The exact cause of PCOS is not completely understood, but seems to be linked to insulin and leptin resistance. An increase of insulin produced by the body leads to an increase in estrogen levels making the woman estrogen dominant. A vicious cycle is then created because a symptom of PCOS is an increase in the production of testosterone which exacerbates the symptoms.

Patients with the disorder often present with hormonal imbalances, including elevated testosterone, a classic, hallmark sign of PCOS. Other key determining factors of PCOS and hormone balance are progesterone and estrogen. These two hormones are integral for female health as they influence several bodily processes including reproduction. An imbalance of progesterone and estrogen instigated by PCOS can cause serious dysfunction including irregular or difficult menstruation, endometriosis, and the formation of painful ovarian cysts.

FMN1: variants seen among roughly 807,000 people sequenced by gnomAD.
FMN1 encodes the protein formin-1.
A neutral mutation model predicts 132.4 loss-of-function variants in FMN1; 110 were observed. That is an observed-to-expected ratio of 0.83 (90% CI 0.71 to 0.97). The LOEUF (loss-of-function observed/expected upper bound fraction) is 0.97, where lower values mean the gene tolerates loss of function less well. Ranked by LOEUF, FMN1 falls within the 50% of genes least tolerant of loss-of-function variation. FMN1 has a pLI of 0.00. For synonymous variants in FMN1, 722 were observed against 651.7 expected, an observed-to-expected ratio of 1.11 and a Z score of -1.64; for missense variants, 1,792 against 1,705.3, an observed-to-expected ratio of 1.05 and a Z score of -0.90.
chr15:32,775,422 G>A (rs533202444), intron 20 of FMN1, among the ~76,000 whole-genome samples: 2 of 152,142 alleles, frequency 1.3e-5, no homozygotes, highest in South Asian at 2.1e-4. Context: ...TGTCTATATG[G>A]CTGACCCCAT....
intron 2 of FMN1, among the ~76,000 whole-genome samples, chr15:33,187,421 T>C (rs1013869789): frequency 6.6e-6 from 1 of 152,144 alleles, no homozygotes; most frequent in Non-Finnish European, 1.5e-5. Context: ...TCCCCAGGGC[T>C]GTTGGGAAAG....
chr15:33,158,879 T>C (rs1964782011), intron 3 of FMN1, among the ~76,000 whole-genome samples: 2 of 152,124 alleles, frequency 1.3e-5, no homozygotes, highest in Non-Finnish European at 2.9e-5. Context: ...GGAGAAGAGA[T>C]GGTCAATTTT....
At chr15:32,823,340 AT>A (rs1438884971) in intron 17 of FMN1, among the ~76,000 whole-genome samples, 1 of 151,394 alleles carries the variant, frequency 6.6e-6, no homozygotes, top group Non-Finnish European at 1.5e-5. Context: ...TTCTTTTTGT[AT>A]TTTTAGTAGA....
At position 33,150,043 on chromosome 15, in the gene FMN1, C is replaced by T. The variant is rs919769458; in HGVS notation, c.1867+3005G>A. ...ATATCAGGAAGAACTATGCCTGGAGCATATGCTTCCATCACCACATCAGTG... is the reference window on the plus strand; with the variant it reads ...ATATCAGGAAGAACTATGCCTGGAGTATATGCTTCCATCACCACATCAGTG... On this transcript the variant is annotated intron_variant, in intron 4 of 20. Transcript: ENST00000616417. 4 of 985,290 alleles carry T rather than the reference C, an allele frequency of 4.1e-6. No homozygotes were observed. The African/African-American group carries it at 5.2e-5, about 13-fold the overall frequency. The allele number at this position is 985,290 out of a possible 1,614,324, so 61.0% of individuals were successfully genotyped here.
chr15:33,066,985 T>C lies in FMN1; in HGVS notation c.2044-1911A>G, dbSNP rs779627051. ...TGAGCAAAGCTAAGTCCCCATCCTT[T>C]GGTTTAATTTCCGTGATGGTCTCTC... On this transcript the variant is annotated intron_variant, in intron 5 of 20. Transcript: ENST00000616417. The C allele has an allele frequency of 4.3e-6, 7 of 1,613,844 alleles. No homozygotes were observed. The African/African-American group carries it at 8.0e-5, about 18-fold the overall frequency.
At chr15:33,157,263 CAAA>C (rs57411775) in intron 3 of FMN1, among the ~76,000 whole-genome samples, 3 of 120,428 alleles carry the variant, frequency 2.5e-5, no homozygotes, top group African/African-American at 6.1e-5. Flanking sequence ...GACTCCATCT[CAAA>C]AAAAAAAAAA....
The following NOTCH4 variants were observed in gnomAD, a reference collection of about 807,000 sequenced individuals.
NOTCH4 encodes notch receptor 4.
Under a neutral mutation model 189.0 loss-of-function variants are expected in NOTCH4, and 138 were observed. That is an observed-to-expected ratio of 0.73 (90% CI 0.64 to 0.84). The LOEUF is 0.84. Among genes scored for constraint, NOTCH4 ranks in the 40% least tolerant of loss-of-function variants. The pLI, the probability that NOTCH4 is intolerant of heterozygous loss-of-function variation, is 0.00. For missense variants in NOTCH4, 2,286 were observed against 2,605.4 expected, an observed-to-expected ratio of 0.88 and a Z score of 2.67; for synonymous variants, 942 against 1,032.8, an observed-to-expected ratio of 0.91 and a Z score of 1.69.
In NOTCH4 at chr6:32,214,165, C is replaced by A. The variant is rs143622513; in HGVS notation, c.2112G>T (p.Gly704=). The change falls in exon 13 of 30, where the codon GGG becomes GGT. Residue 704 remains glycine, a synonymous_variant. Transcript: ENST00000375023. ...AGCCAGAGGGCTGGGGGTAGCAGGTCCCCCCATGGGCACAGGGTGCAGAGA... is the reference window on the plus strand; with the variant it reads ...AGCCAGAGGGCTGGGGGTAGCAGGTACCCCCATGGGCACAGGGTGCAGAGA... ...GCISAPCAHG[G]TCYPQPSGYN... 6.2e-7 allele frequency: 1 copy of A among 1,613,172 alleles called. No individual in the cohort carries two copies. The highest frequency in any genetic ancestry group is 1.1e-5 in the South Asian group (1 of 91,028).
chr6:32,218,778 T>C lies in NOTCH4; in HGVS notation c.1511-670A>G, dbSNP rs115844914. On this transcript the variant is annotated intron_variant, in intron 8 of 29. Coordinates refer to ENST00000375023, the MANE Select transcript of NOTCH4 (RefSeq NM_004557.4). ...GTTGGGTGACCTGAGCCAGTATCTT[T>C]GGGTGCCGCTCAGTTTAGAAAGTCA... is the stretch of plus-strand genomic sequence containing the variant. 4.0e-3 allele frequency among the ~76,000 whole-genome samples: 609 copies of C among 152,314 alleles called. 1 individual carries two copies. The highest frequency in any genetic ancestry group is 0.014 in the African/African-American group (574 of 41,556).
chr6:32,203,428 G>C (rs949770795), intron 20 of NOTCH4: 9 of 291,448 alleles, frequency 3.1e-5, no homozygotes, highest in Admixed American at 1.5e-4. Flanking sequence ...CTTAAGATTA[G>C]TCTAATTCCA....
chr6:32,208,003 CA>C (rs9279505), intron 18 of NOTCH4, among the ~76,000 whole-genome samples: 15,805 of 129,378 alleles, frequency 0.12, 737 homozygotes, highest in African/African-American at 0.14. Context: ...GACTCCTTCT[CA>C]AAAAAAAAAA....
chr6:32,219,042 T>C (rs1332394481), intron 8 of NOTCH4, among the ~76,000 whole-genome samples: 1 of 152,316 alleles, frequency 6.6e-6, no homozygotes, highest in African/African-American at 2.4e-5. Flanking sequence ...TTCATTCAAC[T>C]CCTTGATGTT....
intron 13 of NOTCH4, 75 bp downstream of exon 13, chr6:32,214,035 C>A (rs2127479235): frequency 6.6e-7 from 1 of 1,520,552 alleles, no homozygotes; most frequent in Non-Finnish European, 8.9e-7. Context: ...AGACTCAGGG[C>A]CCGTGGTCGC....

Patients with PCOS can present with one or more of a complex list of symptoms. However, not all patients will have all symptoms, and while some patients will have multiple cysts on their ovaries, some patients will have none at all. There are a variety of predictive elements that may help women recognize PCOS before symptoms become severe. There are certain groups who are at higher risk of having this condition such as adolescent girls experiencing abnormal menstrual cycles for over two years after their first cycle, adolescent girls developing extreme acne that is unresponsive to standard treatment methods, those with high exposure to BPAs like those found in various plastic products, and individuals with a metabolic or endocrine disorder contributing to hormone imbalance.